The 10/40 window in Asia is beginning to open

On Saturday, I went to the screening of the new documentary 1040: Christianity in the New Asia at Newsong Church in Irvine. I highly encourage my brothers and sisters in Christ to watch this film, which looks at 6 different countries/regions in Asia where God is moving: China, South Korea, Hong Kong, Taiwan, Singapore, and Indonesia. Jaeson Ma, the itinerant speaker, church planter, and musician who has been traveling back and forth between the US and Asia to reach out to churches and parachurch organizations, narrated and interviewed a number of his contacts in each of the countries, as well as US contacts who are all very aware of and excited about the movement that God is producing in Asia.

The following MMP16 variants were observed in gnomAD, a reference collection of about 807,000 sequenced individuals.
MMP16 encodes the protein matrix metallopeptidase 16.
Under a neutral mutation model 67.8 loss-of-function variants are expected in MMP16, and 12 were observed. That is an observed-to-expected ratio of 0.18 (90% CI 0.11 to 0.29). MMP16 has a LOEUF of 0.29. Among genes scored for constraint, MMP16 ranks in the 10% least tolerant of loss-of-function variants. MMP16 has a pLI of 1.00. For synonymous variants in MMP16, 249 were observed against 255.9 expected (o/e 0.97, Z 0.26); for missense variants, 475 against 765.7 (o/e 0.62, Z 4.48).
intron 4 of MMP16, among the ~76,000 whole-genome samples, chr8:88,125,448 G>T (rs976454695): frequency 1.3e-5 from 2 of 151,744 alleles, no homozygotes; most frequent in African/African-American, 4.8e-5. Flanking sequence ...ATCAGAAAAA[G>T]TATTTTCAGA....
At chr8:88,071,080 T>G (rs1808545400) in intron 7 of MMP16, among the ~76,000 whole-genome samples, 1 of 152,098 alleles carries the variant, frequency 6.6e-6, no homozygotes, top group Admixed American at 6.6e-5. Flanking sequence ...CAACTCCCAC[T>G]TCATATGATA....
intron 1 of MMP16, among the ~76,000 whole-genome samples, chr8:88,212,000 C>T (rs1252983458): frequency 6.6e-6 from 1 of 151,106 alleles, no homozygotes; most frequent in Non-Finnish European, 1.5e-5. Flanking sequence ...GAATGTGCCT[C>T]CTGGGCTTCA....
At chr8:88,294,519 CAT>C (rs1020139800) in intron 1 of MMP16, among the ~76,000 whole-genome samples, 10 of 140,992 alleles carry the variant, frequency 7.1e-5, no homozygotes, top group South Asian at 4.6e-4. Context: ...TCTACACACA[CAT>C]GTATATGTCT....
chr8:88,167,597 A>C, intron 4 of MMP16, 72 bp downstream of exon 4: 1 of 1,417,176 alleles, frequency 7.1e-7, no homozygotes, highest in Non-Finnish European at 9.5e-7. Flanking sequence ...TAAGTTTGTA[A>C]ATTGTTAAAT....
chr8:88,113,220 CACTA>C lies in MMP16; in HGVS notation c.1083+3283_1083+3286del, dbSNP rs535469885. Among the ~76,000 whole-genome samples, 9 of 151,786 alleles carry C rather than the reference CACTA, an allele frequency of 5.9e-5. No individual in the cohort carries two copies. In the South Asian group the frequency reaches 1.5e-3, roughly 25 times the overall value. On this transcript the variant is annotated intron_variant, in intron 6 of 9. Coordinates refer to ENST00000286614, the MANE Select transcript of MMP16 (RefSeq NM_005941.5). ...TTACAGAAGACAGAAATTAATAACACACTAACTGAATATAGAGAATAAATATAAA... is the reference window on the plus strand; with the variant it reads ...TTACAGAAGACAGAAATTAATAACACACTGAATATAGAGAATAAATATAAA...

My brother and I had a good conversation on the way back home sharing our thoughts about the film. We both appreciated the perspective it gave us. It was amazing seeing people in all these different languages and countries worshipping the Lord, whether it was in secret in an underground church or at a 5 AM prayer meeting or at a huge concert/revival/crusade. The probing question we had to deal with was: “Where are we in all of this?” Both of us were reserved in our enthusiasm, not because we had critical spirits or skeptical hearts, but because we knew that we had to “descend the mountain” and enter back into our lives. What of our lives now that we’ve seen what God is doing in Asia? The calls to action were, as expected, loud, clear, and passionate. How does God want us to respond to the work He is doing there? The things we discussed merit a much more detailed post, which I may not get around to writing, so I would be glad to share in person. To sum it up, we came to peace about our common situation as PKs serving at a small church, that even though at first, we may feel “stuck,” like we’re missing out on great opportunities abroad and at other churches and ministries, there is a reason for all of it.